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Since late 2014, a few months after I started Bright Cents, I knew I was on a journey bigger than just paying down my student loans. I could feel that this was like the gates to something bigger, but I didn’t know what or why.
I was reading and learning about financial independence, retiring early, being debt free, and was feeling so energized by everyone I learned from. I woke up excited to learn more and teach others what I was finding.
Then I discovered podcasts.
I started off listening to the Dave Ramsey show (a recommendation from my coworker at the time – thanks Nicole!) and was loving it. I learned a lot but after a month or two was getting kind of bored with what his show was providing.
I looked around the iTunes/Podcast store to see if another financial favorite of mine, Suze Orman, had a podcast version of her show, and of course she did. I listened for a few weeks but then got bored again (an hour commute each way gives you a lot of time to consume podcasts).
I did a search for something related to money, and I then found the podcast that would change everything for me: Smart Passive Income.
At the time, podcasts were big, but they weren’t as mainstream as they are today. I had never heard of passive income and was curious what that was, so I downloaded an episode.
It was episode 3 of the Smart Passive Income podcast and it seemed pretty interesting from the description.
This episode was all about how Glen Allsop of ViperChill had built a ton of affiliate and niche sites and was making a gobs of money.
At the time, my brain could barely comprehend this. I had never considered the fact that a regular person could make money online like that.
It sounds bad, but I hadn’t really thought about there potentially being another path for people like me. I was average, boring, and felt I had no over-the-top skills to start something of my own— it just never really crossed my mind.
My Journey Into Online Business
I was doing dishes at the time I listened to episode 3 of Smart Passive Income and got chills immediately. Something about this felt so right.
I listened to the episode again and then started doing some research.
This niche site thing seemed fun, but I didn’t know if it was exactly what I’d be good at. But I was definitely interested in this whole online business thing.
I stopped listening to everything else and consumed only this podcast. Pat Flynn, all day, every day.
I started learning more about niche sites and blogs, and decided to start my own. A few months passed and I decided I wanted to write about my student loans and how I was paying them off.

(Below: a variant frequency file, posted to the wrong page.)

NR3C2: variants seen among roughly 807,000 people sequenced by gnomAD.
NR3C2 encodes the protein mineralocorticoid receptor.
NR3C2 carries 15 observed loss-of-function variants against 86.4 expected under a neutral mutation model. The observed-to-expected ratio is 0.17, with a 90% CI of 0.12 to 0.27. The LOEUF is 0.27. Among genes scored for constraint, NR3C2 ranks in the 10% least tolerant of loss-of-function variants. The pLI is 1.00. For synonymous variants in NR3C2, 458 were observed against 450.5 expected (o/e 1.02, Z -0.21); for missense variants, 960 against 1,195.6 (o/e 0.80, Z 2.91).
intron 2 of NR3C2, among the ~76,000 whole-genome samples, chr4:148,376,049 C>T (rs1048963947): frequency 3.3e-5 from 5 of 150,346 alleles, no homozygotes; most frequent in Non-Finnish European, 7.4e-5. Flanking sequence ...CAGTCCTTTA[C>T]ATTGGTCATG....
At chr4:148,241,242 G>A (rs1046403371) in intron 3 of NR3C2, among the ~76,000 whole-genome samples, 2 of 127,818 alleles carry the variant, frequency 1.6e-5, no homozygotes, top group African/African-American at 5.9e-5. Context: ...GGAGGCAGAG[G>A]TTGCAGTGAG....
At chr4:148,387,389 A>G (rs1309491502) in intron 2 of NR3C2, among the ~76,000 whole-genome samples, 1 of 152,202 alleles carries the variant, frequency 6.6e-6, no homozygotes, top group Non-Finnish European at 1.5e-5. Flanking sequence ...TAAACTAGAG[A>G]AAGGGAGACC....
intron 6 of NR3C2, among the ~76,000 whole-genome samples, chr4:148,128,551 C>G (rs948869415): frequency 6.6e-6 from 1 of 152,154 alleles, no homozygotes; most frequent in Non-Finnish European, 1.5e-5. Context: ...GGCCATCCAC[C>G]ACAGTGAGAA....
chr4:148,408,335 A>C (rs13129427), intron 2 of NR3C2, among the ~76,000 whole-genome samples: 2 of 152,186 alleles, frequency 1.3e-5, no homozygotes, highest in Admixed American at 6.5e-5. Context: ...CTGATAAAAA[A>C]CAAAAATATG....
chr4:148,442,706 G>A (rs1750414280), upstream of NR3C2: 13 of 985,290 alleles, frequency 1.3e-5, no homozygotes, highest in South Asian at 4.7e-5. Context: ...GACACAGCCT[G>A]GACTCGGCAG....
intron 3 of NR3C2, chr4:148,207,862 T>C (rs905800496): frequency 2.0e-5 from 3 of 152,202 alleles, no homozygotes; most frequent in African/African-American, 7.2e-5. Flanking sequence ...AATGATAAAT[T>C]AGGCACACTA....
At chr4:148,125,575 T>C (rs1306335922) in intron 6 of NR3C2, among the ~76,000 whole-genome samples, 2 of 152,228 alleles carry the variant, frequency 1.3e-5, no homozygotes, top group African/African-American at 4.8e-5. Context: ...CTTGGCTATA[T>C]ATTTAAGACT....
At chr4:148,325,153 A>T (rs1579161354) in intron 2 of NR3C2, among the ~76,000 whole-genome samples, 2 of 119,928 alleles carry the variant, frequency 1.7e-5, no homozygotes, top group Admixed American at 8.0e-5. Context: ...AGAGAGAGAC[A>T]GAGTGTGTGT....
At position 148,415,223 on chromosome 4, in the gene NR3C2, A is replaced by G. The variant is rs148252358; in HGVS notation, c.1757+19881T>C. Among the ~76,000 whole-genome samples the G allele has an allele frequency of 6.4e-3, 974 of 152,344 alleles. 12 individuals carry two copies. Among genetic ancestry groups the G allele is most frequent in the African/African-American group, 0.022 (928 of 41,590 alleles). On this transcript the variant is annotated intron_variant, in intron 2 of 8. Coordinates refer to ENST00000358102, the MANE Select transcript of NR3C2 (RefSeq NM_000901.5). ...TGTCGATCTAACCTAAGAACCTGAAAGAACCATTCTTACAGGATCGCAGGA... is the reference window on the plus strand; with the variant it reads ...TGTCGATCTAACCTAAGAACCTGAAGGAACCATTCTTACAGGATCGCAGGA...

No one I knew was talking about this stuff in public. With friends, we’d get on the topic of being broke, laugh, and throw out numbers of what we owed for our degrees, but that was it.
I also felt like having all of my information out in public would force me to work harder towards paying off my loans and stop spending mindlessly.
I knew money was a taboo topic, and most people don’t talk about the nitty gritty details over drinks, so I felt this was the next best way. I just wanted to talk about this and help my friends in any way I could.
I started the site and wrote consistently there every week for about 2 years. I published debt reports on how much I had paid off each month and how I had done that.
Before I knew it, family, friends, and even strangers were reaching out for advice on how to get out of their own debt faster. I loved helping wherever I could.
From Blogging to Business
As time went on, my podcast listening habits switched from Pat Flynn to more mindset/business type stuff, Achieve Your Goals with Hal Elrod, then Fizzle, and then the one that changed me: Gary Vaynerchuk.
Gary has impacted my life in many ways. Most importantly, he helped me realize that I didn’t want to be working the same job for someone else the rest of my life.
I wanted to do my own thing, and take my skills outside of the workplace to help more people. Especially people I cared about vs. one larger organization.
I started helping family and friends with marketing work and building websites.
They started to pay me.
And then they started to refer other people to me.
Sidenote: The personal finance blogging community has been especially helpful in getting the word out. Such an amazing group of people right there.